I wish to respond to Mr. George Good's letter in which he complains about redevelopment in the Towson area (Towson Times, June 12).
I certainly agree that Towson needs more and better open space, which is why our office has worked hard to make Towson greener at the same time we are redeveloping the commercial core.
During the last rezoning cycle, our office initiated the most extensive downzoning of land in recent history in the Towson area. At my urging, the Baltimore County Council downzoned 67 acres of land to limit future development in Towson's neighborhoods. About 54 acres was designated as open space, which the County Council was able to do thanks to legislation I sponsored earlier that year.
Before the last rezoning cycle, the Mount Pleasant Golf Course was zoned to allow more than 700 apartments, townhouses or condominiums if it were ever to be sold. It is now designated as open space. Zoning was also lowered at undeveloped sites in Southland Hills, Burkleigh Square and Fellowship Forest.
I opposed the relocation of the Towson fire station to Towson Manor Village Park. We supported the eventual conversion of the old Carver Center into fields, as well as improvements to Towson High School's athletic area. Our office also successfully secured funding for tree plantings throughout Towson, including along Bosley Avenue near Riderwood Hills.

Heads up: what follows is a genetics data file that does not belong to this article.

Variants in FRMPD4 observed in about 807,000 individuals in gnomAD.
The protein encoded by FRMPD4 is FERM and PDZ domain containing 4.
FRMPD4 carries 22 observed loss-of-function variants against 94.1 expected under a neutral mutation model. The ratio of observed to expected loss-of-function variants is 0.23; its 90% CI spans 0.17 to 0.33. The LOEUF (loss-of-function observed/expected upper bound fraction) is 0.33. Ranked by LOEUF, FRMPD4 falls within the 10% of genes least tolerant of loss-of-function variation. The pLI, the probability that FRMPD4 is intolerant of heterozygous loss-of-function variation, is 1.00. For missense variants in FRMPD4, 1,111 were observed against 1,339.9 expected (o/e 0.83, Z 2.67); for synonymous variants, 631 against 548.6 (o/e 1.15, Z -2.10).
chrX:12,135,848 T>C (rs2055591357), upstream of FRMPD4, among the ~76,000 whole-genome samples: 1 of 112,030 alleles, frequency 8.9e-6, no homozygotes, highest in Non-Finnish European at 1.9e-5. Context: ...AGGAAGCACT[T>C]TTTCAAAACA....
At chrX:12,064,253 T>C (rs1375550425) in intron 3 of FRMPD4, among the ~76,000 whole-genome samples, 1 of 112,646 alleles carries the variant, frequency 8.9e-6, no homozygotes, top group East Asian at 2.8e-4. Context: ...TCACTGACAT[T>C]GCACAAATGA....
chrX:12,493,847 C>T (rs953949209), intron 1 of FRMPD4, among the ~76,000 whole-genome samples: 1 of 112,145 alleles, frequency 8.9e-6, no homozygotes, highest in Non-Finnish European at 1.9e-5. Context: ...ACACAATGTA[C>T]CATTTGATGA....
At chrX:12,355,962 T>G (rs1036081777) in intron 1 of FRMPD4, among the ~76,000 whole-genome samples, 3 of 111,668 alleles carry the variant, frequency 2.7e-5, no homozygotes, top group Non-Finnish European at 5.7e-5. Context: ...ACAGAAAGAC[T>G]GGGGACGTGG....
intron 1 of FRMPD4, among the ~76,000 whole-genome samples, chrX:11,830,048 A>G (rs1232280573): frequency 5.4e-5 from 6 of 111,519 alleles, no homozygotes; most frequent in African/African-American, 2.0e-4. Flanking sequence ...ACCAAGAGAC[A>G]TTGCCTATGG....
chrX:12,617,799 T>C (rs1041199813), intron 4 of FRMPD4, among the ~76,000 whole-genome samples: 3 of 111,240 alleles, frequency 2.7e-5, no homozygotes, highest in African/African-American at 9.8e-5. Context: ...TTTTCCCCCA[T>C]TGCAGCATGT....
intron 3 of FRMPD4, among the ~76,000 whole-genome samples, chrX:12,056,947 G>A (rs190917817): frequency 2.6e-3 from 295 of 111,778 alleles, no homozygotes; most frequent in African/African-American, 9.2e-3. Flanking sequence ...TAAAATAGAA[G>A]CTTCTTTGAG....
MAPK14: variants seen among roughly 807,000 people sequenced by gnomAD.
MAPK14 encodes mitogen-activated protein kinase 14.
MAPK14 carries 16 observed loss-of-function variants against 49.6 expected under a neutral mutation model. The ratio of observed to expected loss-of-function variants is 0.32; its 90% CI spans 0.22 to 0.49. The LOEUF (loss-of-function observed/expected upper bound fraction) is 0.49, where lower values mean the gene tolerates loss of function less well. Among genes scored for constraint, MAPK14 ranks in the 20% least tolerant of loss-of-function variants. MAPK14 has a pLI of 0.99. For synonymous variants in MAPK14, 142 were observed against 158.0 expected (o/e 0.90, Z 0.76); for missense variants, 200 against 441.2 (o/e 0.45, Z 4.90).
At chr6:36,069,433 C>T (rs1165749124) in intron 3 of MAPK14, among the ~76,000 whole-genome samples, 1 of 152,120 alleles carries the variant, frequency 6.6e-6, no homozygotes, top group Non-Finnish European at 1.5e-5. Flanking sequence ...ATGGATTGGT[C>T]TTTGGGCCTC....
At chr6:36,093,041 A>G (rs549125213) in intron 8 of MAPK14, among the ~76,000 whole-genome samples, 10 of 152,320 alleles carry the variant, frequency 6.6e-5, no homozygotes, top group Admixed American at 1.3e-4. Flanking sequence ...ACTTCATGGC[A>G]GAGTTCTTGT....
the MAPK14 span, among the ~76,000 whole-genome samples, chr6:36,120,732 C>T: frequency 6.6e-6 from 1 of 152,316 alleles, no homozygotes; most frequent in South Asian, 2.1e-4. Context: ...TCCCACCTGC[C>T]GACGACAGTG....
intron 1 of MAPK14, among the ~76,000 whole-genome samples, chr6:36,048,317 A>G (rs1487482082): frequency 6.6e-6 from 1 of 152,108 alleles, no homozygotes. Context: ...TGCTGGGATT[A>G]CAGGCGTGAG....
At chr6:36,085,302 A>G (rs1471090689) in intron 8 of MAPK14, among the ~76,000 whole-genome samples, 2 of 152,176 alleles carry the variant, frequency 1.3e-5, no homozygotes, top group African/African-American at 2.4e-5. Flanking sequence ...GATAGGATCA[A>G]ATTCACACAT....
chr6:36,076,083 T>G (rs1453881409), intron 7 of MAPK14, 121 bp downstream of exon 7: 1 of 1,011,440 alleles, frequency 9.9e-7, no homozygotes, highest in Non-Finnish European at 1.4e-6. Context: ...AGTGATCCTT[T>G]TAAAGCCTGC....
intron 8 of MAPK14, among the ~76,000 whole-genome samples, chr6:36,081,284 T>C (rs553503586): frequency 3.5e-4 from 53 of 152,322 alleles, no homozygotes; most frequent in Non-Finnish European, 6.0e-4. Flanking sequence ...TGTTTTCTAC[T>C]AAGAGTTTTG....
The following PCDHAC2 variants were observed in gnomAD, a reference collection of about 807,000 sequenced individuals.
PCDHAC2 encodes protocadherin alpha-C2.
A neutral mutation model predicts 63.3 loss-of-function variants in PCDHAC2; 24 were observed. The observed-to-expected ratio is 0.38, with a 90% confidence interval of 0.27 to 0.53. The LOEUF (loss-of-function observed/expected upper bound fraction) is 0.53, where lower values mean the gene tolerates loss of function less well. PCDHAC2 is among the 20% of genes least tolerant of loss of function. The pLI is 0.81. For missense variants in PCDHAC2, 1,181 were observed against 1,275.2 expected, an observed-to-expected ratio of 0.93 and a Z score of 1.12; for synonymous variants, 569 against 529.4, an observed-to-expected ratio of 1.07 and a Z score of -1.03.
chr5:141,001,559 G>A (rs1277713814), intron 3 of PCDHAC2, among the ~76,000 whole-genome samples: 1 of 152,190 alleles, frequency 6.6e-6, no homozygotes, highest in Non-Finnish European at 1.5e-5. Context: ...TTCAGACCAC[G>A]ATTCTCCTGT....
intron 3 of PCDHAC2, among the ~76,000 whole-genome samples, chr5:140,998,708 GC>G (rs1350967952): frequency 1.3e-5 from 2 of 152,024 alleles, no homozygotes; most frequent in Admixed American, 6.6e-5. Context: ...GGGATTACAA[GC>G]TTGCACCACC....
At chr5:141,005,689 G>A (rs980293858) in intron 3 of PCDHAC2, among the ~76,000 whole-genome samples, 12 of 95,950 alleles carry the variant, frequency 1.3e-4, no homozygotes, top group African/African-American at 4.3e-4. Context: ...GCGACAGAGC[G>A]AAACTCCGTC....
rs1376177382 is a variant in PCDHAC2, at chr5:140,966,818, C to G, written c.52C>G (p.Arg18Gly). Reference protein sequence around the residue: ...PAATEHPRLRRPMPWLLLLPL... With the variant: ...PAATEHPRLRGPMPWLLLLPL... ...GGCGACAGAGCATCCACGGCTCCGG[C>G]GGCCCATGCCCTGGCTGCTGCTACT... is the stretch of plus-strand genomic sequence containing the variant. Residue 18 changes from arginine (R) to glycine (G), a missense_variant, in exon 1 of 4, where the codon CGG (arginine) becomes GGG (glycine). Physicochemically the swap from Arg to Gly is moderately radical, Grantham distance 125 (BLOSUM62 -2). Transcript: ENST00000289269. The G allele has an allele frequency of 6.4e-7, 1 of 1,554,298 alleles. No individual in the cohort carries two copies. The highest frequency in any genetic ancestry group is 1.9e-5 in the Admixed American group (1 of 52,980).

Regarding the need for new open space, if Mr. Good knows of a private property owner who is willing to donate his or her land for a park, or a school for that matter, I would be more than happy to have that conversation.
Towson can be among the greenest communities in Baltimore County. That's why I am aggressively pushing for more bike lanes and, yes, a circulator so residents can visit Downtown Towson without driving their cars. Mr. Good may not think this is a priority, but many residents leaders support the concept.
Towson needs solutions. That's what I have tried to offer, as well as an energetic approach that balances both community needs and the redevelopment of the downtown core.
Councilman David Marks